Learn How to Install Samba Server on CentOS 7
In a Client Server Network, Linux is preferred as the server operating system and Microsoft Windows use in most of the client computers. So you need a way to share files between your Linux server and the Microsoft Windows Operating System. The most common way to share files between Linux and windows is to configure Linux as File server using Samba server.
In this tutorial we are going to learn how to install and configure the samba server on CentOS 7. After completing this tutorial you should be able to configure your CentOS 7 server as a File server using samba and share files on your CentOS Samba Server with Microsoft Windows Operating System.
For the tutorial, we are going to Install samba server on CentOS 7 and Mount the Samba share on Windows 7 Computer. Following are the steps we are going to follow.
- Install Samba Server on CentOS 7
- Configure CentOS 7 Firewalld
- Create Samba user and setup Password
- Configure Samba Share
- Configure SeLinux for CentOS Samba Server
- Mount Samba share on Windows 7
Install Samba Server on CentOS 7
Samba is not installed by default on CentOS 7, so installed the samba server using yum install command.
yum install samba
After the installation is finished start smb and nmb services. Also enable smb and nmb services to start at system reboot.
systemctl start smb.service
systemctl start nmb.service
systemctl enable smb.service
systemctl enable nmb.service
Configure CentOS 7 Firewalld
Configure Firewalld to allow access to the SMB service on the CentOS Samba Server.
firewall-cmd –permanent –add-service=samba
Create Samba user and setup Password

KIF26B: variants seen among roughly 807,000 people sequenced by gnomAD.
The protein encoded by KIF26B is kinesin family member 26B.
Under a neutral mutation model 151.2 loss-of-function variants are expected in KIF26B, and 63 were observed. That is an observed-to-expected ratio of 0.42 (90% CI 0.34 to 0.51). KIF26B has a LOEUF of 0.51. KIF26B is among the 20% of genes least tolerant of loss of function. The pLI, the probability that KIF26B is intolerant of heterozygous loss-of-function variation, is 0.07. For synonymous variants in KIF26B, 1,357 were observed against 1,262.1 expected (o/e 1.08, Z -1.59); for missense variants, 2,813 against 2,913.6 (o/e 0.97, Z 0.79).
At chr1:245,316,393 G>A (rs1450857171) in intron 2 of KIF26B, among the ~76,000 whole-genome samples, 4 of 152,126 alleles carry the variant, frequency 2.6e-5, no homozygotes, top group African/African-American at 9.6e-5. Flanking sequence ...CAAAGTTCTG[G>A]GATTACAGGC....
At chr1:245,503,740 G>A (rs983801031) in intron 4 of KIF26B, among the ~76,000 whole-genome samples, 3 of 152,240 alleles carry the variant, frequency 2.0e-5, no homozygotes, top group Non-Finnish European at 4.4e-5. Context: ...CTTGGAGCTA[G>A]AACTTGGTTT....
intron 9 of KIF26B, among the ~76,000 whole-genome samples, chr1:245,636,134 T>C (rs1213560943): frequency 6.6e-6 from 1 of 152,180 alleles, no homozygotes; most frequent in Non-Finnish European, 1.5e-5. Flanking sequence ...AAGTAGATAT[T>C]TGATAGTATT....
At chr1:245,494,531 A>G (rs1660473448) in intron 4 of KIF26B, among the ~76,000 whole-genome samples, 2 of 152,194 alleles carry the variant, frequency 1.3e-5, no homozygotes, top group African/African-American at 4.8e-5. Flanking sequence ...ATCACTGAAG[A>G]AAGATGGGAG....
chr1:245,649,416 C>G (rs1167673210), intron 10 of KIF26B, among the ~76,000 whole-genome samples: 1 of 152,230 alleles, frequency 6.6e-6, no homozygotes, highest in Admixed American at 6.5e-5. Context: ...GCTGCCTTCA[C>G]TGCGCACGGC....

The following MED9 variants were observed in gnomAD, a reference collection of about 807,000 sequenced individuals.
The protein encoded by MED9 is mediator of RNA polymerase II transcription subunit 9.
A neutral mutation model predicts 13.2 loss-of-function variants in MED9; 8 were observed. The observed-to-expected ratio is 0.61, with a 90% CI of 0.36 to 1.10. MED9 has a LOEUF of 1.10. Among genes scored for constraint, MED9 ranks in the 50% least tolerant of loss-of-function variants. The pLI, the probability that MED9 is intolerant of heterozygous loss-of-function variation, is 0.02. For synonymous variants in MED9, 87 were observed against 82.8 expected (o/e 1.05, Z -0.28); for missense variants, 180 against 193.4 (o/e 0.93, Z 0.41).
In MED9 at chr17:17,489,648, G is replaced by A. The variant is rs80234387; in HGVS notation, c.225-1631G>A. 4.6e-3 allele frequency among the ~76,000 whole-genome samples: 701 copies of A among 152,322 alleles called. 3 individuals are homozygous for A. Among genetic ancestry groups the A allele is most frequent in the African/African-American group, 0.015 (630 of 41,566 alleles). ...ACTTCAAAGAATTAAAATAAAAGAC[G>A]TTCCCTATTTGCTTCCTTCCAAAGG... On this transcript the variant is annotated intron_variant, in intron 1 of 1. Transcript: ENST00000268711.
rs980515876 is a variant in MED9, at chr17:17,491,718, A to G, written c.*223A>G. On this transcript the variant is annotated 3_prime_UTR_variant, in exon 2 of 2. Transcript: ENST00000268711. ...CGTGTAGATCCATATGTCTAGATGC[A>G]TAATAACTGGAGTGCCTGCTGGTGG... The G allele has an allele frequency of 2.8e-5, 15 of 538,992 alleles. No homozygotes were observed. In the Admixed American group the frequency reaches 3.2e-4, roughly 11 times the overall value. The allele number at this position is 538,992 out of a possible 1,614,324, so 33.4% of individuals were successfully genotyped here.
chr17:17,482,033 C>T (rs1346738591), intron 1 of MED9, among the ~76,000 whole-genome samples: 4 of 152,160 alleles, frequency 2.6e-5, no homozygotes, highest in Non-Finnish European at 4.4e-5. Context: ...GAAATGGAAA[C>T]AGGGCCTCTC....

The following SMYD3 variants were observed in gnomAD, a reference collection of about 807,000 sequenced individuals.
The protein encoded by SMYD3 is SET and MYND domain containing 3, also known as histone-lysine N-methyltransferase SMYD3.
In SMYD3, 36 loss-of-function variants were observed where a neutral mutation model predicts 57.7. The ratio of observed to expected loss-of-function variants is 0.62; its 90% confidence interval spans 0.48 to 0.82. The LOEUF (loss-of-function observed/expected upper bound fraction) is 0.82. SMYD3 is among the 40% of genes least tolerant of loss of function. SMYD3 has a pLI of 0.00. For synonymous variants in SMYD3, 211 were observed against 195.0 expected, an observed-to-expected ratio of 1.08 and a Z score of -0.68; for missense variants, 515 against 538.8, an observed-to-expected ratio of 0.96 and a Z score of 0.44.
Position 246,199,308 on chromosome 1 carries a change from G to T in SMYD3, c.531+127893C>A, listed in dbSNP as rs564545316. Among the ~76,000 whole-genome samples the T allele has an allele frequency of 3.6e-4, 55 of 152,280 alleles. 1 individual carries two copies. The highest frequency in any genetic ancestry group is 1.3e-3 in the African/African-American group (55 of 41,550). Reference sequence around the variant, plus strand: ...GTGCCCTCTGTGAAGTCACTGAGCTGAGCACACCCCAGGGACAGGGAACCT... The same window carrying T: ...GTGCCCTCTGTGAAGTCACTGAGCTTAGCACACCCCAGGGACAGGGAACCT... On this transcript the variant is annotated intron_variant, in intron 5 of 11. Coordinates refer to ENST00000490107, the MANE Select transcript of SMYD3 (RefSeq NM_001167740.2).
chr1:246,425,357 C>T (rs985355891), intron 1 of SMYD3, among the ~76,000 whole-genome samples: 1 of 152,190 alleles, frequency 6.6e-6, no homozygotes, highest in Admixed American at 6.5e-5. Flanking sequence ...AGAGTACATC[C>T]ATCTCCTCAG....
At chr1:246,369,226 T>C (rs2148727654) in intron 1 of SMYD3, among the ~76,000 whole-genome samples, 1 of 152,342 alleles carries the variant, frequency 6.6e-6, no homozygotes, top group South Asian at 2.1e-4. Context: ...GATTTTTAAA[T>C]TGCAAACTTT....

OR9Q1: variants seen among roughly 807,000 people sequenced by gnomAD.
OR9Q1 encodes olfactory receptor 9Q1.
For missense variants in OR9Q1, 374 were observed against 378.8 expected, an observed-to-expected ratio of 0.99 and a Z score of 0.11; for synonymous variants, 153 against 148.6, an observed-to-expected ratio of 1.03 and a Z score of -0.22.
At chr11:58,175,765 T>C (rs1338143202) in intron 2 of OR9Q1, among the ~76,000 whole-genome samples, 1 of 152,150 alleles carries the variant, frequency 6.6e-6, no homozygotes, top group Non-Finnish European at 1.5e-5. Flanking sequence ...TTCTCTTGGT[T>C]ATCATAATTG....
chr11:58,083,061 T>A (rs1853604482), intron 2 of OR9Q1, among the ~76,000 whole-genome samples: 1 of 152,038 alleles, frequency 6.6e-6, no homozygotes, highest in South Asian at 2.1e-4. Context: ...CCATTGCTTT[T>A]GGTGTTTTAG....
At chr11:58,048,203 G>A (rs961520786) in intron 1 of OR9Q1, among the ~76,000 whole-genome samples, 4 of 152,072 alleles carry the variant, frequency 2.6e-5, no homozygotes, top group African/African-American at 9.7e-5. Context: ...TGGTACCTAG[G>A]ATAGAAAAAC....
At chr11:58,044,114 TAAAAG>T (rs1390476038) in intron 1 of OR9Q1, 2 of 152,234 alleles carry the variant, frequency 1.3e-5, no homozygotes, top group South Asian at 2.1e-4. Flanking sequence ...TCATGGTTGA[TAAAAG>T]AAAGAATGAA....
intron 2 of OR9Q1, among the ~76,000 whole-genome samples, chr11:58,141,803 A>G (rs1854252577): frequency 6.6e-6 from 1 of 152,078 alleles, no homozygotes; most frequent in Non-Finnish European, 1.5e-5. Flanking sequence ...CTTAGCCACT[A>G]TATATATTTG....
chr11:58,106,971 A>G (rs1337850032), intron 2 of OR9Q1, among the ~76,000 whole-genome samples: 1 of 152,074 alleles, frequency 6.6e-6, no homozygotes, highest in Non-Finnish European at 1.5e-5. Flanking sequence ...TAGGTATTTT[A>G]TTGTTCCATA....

We are going to need a username and password to access our CentOS Samba Share from a remote computer. I am going to create a new user called “sambauser” (You can use any existing Linux user).
useradd sambauser -s /sbin/nologin
Then setup samba password for sambauser using the smbpasswd command (We cannot use the standard Linux password to access samba share from a remote computer).
smbpasswd -a sambauser
Configure the Samba Share
For this tutorial I am going to create a new folder called documents inside the /var directory to share with windows clients. You can use any existing folder on your CentOS 7 server.
First, create the documents folder using the mkdir command.
mkdir -p /var/documents
Then set sambauser as the owner of the /var/documents folder and give read/write access to the folder.
chown sambauser /var/documents/
chmod 755 /var/documents/
Then append following configuration to the /etc/samba/smb.conf file.
browseable = yes
read only = no
Save the /etc/samba/smb.conf file and restart the CentOS samba server.
systemctl restart smb nmb
Configure SeLinux for CentOS Samba Server
You can skip the following step if you have disabled SeLinux on your CentOS 7 Server, otherwise do the following.
Add the /var/documents/ folder to Selinux policy using semanage command. The SeLinux label of the /var/documents/ folder should be samba_share_t.
semanage fcontext -a -t samba_share_t ‘/var/documents(/.*)?’
restorecon -vvFR /var/documents
You should replace the path ‘/var/documents’ with the path of the folder you want to share on your CentOS 7 Samba Server.
Mount Samba share on Windows 7
Now we can mount the samba share on remote computers. For this tutorial I am going to use Windows 7.
- Go to the Windows 7 My Computer and Click on “Map network drive” button at the top.
- Then, Select a Drive letter and type \\server-ip\share-name in the folder path. For example, if the server IP address is 192.168.1.10 then type.
Once you click the finished button, you will prompt to the samba username and password to mount shared folder.
Configure Group Access on CentOS Samba Share
Instead of giving access to the individual users, we can give permission to a Linux group to access the shared folders.
browseable = yes
read only = no
guest ok = no
valid users = @accounts
force group = accounts
As per the above configuration, we have given permission to the accounts group to access share called “accounts” using valid users = @accounts (@ symbol use to specify group). The members of the accounts group can access the /var/accounts folder using their username and password.
That is how we can install and configure very basic Samba File Server on CentOS 7. Once you know the basic setup you can configure smb.conf file for more advanced options.